Tuesday, January 16, 2007

This is a Prequel

There's the Mike you all knew and loved... what happened to that Mike?

Maybe Tara, Sarah, Kristina, Steph or any other Western Visual Arts grads who are reading this can back me up when I say that in the John Labatt Visual Arts Centre, sculpture was probably the most ignored medium. I can count a number of accomplished painters, printmakers and… drawing-type people, but few of us really took to sculpture (not that there weren’t some people who made some excellent 3D art in that building). I count the high costs associated with pulling it off successfully as the barrier (I’d definitely say my greatest unrealized ideas for projects were sculpture-based) rather than the facilities and sculpture professors, who were excellent.

Nevertheless, generally accounting to scheduling needs, I found myself taking a few sculpture classes over the years. They suck, man. Each project can take you back dozens – nay, nearly a hundred dollars if you want to do it right. And if you want to half-ass it, you can always go the messy and time-consuming papier mache route. If I want to look back at my university career and feel that it was a depressing waste of time during which artistic vision took a backseat to more pragmatic needs, I need only think of every single fucking sculpture assignment I ever did.

In order for my coming story to make any sense, I’ll have to outline the way in which my 4th year sculpture class was set up, scheduling-wise. Basically, the 4th year and 3rd year sculptures were the exact same class, except 4th year was divided into two half-year courses for some reason I’ll never understand. And if you got under 70% in the first half, you wouldn’t get back in for the second. Thus, I found myself in early December just barely scraping by, desperately hoping to grab a 70 so that I could… well, graduate.

Our professor, the inimitable Colette Urban, gave us an assignment at the end of the first semester in which we had to involve our bodies (those of us from the VAC know that sculpture is always billed as “Sculpture and Performance” for some reason). These can be difficult, as you’re really having to put yourself “out there” to really get a decent mark. My 2nd year body-related project is a story for another post. If you are lucky.

Desperate to get a 70, and with time and money running low, I took a look around the shop (managed, as always, by the esteemed Doug Mitchell). There I saw two planks of wood measuring 4X4 feet, as well as a roll of saran wrap that was basically as tall as myself. It took me a minute, but I figured that if I attached the wood together (creating a plank 4X8 feet long) and put a bubble of saran wrap over it, I could encase myself inside, attach the shop vac, and create an airtight seal around myself as I rested on a bed of wood. Maybe it was a commentary on our consumerist society? Shit, I dunno. I figured it was good enough for a 70, at least.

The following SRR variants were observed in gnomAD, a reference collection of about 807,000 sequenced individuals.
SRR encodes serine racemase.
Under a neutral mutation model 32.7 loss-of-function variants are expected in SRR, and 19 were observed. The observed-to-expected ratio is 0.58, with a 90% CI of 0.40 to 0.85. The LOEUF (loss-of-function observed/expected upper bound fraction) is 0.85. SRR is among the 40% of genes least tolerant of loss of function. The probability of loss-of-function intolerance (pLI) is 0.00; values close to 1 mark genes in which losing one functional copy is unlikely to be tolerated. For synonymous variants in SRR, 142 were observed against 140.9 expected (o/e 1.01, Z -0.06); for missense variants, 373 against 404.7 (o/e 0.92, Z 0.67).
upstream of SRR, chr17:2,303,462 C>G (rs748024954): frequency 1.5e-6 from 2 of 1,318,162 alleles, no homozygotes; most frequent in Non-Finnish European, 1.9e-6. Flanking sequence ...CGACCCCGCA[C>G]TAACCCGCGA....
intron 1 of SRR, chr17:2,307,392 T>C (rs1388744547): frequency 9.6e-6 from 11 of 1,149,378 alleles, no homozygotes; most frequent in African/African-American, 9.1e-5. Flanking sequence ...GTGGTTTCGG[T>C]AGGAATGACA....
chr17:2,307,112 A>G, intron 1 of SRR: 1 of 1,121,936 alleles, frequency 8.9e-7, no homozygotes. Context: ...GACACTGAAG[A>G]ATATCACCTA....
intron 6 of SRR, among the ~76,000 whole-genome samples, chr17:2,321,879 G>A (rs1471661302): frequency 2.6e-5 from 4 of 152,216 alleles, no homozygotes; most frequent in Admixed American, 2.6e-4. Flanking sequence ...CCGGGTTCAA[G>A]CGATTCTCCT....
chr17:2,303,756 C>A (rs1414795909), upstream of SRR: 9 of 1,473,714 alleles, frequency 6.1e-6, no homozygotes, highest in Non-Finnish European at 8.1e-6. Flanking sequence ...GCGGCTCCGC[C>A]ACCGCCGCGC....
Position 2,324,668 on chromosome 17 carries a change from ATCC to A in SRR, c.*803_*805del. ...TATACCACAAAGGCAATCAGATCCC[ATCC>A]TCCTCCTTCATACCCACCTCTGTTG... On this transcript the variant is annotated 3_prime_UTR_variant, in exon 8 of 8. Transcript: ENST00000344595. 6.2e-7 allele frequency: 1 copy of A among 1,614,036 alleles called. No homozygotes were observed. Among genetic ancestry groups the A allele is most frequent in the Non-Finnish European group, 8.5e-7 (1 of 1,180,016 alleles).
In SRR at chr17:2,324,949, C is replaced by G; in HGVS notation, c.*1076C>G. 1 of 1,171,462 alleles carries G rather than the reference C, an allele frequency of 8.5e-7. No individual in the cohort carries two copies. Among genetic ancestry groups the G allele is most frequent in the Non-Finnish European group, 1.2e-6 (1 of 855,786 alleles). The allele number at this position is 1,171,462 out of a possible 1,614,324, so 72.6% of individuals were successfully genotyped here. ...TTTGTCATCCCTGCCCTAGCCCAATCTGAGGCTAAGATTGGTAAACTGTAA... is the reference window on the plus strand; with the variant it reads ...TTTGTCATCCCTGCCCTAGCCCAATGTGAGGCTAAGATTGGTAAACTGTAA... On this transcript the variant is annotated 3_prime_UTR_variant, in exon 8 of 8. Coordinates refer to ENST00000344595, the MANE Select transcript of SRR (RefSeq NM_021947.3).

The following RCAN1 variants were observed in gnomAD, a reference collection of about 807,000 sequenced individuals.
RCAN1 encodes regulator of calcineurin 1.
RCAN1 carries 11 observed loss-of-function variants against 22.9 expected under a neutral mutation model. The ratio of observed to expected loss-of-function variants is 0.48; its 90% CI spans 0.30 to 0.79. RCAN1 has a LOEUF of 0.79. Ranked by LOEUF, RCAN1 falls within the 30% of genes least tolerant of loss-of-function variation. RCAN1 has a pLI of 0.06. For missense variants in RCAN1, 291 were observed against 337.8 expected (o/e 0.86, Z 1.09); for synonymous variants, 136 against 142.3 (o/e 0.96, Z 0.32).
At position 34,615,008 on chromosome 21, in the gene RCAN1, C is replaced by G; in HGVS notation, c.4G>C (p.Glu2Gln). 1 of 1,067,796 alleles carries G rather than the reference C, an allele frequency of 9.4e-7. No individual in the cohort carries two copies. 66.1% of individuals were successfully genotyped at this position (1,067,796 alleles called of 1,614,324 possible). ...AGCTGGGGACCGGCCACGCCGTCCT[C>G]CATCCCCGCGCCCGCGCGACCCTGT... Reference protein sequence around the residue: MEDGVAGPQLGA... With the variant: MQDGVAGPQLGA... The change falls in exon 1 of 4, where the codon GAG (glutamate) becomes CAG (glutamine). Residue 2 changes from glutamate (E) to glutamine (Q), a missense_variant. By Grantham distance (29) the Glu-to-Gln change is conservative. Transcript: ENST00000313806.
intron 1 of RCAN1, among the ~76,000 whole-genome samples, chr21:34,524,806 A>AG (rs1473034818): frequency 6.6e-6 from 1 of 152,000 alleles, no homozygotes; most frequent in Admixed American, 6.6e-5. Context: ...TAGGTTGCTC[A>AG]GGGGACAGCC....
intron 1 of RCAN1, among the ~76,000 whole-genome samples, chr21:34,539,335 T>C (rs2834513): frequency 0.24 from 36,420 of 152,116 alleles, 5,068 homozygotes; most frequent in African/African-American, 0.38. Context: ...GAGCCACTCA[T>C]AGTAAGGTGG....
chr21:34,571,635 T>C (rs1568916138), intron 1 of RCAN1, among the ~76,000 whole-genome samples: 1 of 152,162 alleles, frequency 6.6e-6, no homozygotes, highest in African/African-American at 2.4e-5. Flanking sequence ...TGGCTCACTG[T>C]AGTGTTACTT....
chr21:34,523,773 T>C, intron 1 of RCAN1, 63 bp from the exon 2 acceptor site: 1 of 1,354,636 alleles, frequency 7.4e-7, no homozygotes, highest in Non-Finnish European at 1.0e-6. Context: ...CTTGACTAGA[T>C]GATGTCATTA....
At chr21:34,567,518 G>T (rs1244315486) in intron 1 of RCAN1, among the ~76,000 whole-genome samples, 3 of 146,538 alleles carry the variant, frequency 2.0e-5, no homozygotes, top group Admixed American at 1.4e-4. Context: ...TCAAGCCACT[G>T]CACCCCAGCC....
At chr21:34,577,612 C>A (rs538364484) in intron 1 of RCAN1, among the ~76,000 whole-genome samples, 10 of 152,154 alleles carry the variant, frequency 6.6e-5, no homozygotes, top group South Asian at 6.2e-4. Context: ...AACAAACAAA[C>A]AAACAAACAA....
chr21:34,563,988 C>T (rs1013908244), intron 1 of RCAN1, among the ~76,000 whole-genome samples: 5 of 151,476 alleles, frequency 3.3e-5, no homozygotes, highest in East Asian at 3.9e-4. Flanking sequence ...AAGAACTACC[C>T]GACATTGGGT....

I spent an evening or two in the shop getting things ready, making sure to keep the plastic airtight. If this scheme was to fall apart, that was the one thing that would throw the whole damned thing off-course and send me packing for a “victory lap”. I taped the plastic to the wood, cut two holes (one for air and one through which to insert the shop vac) and… went home to enjoy a few Lakeport Honeys (my drink of choice at the time). Tomorrow would bring with it either victory or defeat, and my half-assery assured neither one.

Upon completing an assignment, we spend 1 or 2 classes (3 if you’re with Dave Merritt – Oooh, I went there!) critiquing the class’ work. This particular class had only 6 people, so we managed to get things done in one evening. Given that this was the bi-annual “involve yourself in the project” assignment, there were some interesting entries.

Eventually my turn came. The moment of truth. I had no less than Justin Min himself, brother to the delightful Emily, to work the shop vac. I climbed into my little bubble of saran wrap, making sure to bring with me my trusty roll of packing tape. From the inside, I took a few minutes to seal the plastic from the interior and, placing the end of my breathing tube in my mouth, gave Justin the thumbs up.

Brilliant? You tell me. Wait... don't.

The deafening roar of the shop vac was followed by an intense pressure spead across my entire body. Like a vice, the plastic pressed against my chest, restricting my breathing; it clung to my forehead so tightly that I began to feel light-headed; movement in my extremities was out of the question. Beyond my wildest dreams, my lame-brained, half-baked sculpture assignment had succeeded!

With this under my belt, I managed to pass 4th year with flying colours, go on to Education at Queen’s and begin my illustrious career here, teaching in the Far North of Canada. So, basically, I should have taken Andrew’s long-standing advice and shat on a board. Also, Chris Burden’s idea of jacking off under a ramp while gallery visitors pass overhead isn’t too shabby, either.

Once in a lifetime comes an artist as genre-defining and genre-defying as myself. Also, I'm about to pass out here.


Blogger sare said...

Holy shit Mike - I love it!
You certainly are in a vulnerable state - if I was there I'd be tempted to walk, sit and possibly even jump on you. What was your grade by the way??? I've always wondered how our profs came up with their marks... hmmm.
I would also have to agree with you on the sculpture (or lack there of) front at Western, there is not one piece or person that particularly sticks out in my mind...
And what was your second year body project?

Amused and Curious.

7:10 am  
Blogger sare said...

Answer my questions, dammit~!

9:50 am  

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